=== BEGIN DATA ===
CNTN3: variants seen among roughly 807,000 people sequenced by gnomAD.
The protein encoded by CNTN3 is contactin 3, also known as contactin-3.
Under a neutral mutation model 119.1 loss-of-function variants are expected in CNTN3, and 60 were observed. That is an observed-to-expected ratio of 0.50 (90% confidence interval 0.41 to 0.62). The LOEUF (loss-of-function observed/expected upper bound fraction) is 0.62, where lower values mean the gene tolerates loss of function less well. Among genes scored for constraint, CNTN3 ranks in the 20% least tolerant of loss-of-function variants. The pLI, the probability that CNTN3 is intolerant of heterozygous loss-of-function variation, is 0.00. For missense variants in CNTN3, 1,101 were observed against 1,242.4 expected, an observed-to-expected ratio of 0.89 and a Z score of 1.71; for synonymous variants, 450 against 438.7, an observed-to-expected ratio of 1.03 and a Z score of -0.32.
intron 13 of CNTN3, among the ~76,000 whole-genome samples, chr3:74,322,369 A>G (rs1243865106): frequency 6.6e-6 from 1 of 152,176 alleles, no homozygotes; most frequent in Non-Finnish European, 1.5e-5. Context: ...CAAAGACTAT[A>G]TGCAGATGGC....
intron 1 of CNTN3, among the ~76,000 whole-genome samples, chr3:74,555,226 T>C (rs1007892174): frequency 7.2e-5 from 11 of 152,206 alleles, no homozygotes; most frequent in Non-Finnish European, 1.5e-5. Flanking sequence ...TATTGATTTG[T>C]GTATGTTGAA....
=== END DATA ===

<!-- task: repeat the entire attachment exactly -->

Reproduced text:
CNTN3: variants seen among roughly 807,000 people sequenced by gnomAD.
The protein encoded by CNTN3 is contactin 3, also known as contactin-3.
Under a neutral mutation model 119.1 loss-of-function variants are expected in CNTN3, and 60 were observed. That is an observed-to-expected ratio of 0.50 (90% confidence interval 0.41 to 0.62). The LOEUF (loss-of-function observed/expected upper bound fraction) is 0.62, where lower values mean the gene tolerates loss of function less well. Among genes scored for constraint, CNTN3 ranks in the 20% least tolerant of loss-of-function variants. The pLI, the probability that CNTN3 is intolerant of heterozygous loss-of-function variation, is 0.00. For missense variants in CNTN3, 1,101 were observed against 1,242.4 expected, an observed-to-expected ratio of 0.89 and a Z score of 1.71; for synonymous variants, 450 against 438.7, an observed-to-expected ratio of 1.03 and a Z score of -0.32.
intron 13 of CNTN3, among the ~76,000 whole-genome samples, chr3:74,322,369 A>G (rs1243865106): frequency 6.6e-6 from 1 of 152,176 alleles, no homozygotes; most frequent in Non-Finnish European, 1.5e-5. Context: ...CAAAGACTAT[A>G]TGCAGATGGC....
intron 1 of CNTN3, among the ~76,000 whole-genome samples, chr3:74,555,226 T>C (rs1007892174): frequency 7.2e-5 from 11 of 152,206 alleles, no homozygotes; most frequent in Non-Finnish European, 1.5e-5. Flanking sequence ...TATTGATTTG[T>C]GTATGTTGAA....